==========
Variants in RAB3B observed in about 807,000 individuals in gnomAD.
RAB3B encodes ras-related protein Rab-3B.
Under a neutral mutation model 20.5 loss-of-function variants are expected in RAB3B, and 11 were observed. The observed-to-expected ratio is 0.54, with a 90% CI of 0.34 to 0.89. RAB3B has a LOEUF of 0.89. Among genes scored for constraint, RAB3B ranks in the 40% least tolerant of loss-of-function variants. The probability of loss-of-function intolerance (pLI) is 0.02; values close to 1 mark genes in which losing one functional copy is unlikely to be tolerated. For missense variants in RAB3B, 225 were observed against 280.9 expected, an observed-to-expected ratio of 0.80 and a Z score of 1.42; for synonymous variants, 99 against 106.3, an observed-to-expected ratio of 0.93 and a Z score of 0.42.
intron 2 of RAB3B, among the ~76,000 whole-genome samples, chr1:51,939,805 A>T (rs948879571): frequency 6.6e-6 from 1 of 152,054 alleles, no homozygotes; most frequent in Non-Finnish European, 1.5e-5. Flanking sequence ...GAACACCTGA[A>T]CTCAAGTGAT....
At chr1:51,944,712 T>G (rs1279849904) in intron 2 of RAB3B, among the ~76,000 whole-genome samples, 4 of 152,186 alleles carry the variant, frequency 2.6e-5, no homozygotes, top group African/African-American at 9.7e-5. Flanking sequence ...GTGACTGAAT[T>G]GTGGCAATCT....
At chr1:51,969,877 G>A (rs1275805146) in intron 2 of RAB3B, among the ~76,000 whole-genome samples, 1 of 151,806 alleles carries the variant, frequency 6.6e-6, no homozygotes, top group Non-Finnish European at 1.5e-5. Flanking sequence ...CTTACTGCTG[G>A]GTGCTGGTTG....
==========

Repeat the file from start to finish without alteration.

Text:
Variants in RAB3B observed in about 807,000 individuals in gnomAD.
RAB3B encodes ras-related protein Rab-3B.
Under a neutral mutation model 20.5 loss-of-function variants are expected in RAB3B, and 11 were observed. The observed-to-expected ratio is 0.54, with a 90% CI of 0.34 to 0.89. RAB3B has a LOEUF of 0.89. Among genes scored for constraint, RAB3B ranks in the 40% least tolerant of loss-of-function variants. The probability of loss-of-function intolerance (pLI) is 0.02; values close to 1 mark genes in which losing one functional copy is unlikely to be tolerated. For missense variants in RAB3B, 225 were observed against 280.9 expected, an observed-to-expected ratio of 0.80 and a Z score of 1.42; for synonymous variants, 99 against 106.3, an observed-to-expected ratio of 0.93 and a Z score of 0.42.
intron 2 of RAB3B, among the ~76,000 whole-genome samples, chr1:51,939,805 A>T (rs948879571): frequency 6.6e-6 from 1 of 152,054 alleles, no homozygotes; most frequent in Non-Finnish European, 1.5e-5. Flanking sequence ...GAACACCTGA[A>T]CTCAAGTGAT....
At chr1:51,944,712 T>G (rs1279849904) in intron 2 of RAB3B, among the ~76,000 whole-genome samples, 4 of 152,186 alleles carry the variant, frequency 2.6e-5, no homozygotes, top group African/African-American at 9.7e-5. Flanking sequence ...GTGACTGAAT[T>G]GTGGCAATCT....
At chr1:51,969,877 G>A (rs1275805146) in intron 2 of RAB3B, among the ~76,000 whole-genome samples, 1 of 151,806 alleles carries the variant, frequency 6.6e-6, no homozygotes, top group Non-Finnish European at 1.5e-5. Flanking sequence ...CTTACTGCTG[G>A]GTGCTGGTTG....